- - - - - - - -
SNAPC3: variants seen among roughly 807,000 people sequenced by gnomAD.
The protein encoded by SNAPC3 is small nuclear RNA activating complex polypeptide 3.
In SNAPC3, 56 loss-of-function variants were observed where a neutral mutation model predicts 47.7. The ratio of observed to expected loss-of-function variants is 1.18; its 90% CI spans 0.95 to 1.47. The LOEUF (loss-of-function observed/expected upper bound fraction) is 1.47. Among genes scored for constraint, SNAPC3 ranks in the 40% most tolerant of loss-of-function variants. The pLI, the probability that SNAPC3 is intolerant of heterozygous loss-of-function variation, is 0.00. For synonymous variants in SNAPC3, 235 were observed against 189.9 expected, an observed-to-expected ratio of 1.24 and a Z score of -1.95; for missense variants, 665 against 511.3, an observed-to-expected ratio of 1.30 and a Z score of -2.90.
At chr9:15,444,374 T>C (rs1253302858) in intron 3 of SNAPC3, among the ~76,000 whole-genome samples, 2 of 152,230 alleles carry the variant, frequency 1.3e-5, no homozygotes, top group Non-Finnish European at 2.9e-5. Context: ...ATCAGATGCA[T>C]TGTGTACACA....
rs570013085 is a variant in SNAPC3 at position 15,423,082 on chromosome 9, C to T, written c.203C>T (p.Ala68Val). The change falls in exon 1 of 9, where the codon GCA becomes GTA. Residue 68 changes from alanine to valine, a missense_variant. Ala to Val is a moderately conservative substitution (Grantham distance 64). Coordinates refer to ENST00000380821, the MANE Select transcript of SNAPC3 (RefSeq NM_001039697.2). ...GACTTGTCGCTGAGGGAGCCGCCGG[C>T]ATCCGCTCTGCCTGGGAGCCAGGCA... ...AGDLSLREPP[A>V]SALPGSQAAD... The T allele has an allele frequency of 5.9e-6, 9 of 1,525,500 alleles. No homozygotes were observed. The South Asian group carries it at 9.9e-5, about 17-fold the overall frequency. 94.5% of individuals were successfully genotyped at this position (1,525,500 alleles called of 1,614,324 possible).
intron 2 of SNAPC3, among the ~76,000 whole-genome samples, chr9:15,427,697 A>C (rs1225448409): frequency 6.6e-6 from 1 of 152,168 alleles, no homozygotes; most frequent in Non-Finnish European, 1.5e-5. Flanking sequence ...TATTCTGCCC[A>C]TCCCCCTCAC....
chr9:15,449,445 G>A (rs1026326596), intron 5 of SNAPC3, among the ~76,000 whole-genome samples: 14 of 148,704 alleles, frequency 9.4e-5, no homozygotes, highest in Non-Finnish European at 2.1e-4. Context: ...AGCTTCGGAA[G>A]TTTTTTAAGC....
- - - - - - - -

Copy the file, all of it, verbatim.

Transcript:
SNAPC3: variants seen among roughly 807,000 people sequenced by gnomAD.
The protein encoded by SNAPC3 is small nuclear RNA activating complex polypeptide 3.
In SNAPC3, 56 loss-of-function variants were observed where a neutral mutation model predicts 47.7. The ratio of observed to expected loss-of-function variants is 1.18; its 90% CI spans 0.95 to 1.47. The LOEUF (loss-of-function observed/expected upper bound fraction) is 1.47. Among genes scored for constraint, SNAPC3 ranks in the 40% most tolerant of loss-of-function variants. The pLI, the probability that SNAPC3 is intolerant of heterozygous loss-of-function variation, is 0.00. For synonymous variants in SNAPC3, 235 were observed against 189.9 expected, an observed-to-expected ratio of 1.24 and a Z score of -1.95; for missense variants, 665 against 511.3, an observed-to-expected ratio of 1.30 and a Z score of -2.90.
At chr9:15,444,374 T>C (rs1253302858) in intron 3 of SNAPC3, among the ~76,000 whole-genome samples, 2 of 152,230 alleles carry the variant, frequency 1.3e-5, no homozygotes, top group Non-Finnish European at 2.9e-5. Context: ...ATCAGATGCA[T>C]TGTGTACACA....
rs570013085 is a variant in SNAPC3 at position 15,423,082 on chromosome 9, C to T, written c.203C>T (p.Ala68Val). The change falls in exon 1 of 9, where the codon GCA becomes GTA. Residue 68 changes from alanine to valine, a missense_variant. Ala to Val is a moderately conservative substitution (Grantham distance 64). Coordinates refer to ENST00000380821, the MANE Select transcript of SNAPC3 (RefSeq NM_001039697.2). ...GACTTGTCGCTGAGGGAGCCGCCGG[C>T]ATCCGCTCTGCCTGGGAGCCAGGCA... ...AGDLSLREPP[A>V]SALPGSQAAD... The T allele has an allele frequency of 5.9e-6, 9 of 1,525,500 alleles. No homozygotes were observed. The South Asian group carries it at 9.9e-5, about 17-fold the overall frequency. 94.5% of individuals were successfully genotyped at this position (1,525,500 alleles called of 1,614,324 possible).
intron 2 of SNAPC3, among the ~76,000 whole-genome samples, chr9:15,427,697 A>C (rs1225448409): frequency 6.6e-6 from 1 of 152,168 alleles, no homozygotes; most frequent in Non-Finnish European, 1.5e-5. Flanking sequence ...TATTCTGCCC[A>C]TCCCCCTCAC....
chr9:15,449,445 G>A (rs1026326596), intron 5 of SNAPC3, among the ~76,000 whole-genome samples: 14 of 148,704 alleles, frequency 9.4e-5, no homozygotes, highest in Non-Finnish European at 2.1e-4. Context: ...AGCTTCGGAA[G>A]TTTTTTAAGC....